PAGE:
Laufman v. Oakley Building and Loan Co., 408 F. Supp. 489 (S.D. Ohio 1976)
In February of 1976, Federal Judge David S. Porter of the Western Division of the Southern District of Ohio handed down a decision which significantly affects home financing organizations in this country. The ruling in
Laufman v. Oakley Building and Loan Co., marked the first federal court decision on "redlining," that is, refusal to make mortgage loans on residential property in a racially transitional neighborhood, regardless of the prospective borrower's creditworthiness or the condition of the borrower's property. Judge Porter held that redlining is illegal under the Civil Rights Act of 1968.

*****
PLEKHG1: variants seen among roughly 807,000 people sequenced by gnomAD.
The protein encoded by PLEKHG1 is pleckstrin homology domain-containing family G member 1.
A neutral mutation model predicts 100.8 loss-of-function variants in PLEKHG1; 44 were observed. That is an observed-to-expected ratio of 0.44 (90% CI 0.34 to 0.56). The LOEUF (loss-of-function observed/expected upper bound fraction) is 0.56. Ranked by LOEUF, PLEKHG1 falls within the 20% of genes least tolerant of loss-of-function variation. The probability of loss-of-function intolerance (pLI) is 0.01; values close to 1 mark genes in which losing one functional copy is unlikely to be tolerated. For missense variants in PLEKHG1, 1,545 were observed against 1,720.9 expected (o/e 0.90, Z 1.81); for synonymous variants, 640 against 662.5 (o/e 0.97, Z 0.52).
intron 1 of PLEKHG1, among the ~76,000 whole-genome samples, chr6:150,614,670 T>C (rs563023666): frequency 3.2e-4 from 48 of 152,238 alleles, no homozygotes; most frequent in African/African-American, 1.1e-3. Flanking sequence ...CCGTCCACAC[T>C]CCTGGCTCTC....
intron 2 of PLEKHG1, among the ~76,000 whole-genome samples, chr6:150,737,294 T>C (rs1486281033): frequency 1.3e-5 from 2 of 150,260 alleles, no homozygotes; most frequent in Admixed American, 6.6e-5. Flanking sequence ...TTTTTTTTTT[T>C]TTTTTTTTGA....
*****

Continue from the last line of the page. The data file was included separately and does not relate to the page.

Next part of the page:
The purpose of Title VIII of the 1968 Civil Rights Act, better known as the Fair Housing Act, is clearly expressed in the legislation's first sentence: "It is the policy of the United States to provide, within constitutional limitations, for fair housing throughout the United States."
Muto, Anthony J.
"Fair Housing Act: Discrimination in the Distribution of Home Financing,"
University of Dayton Law Review: Vol. 2:
1, Article 10.
Available at: https://ecommons.udayton.edu/udlr/vol2/iss1/10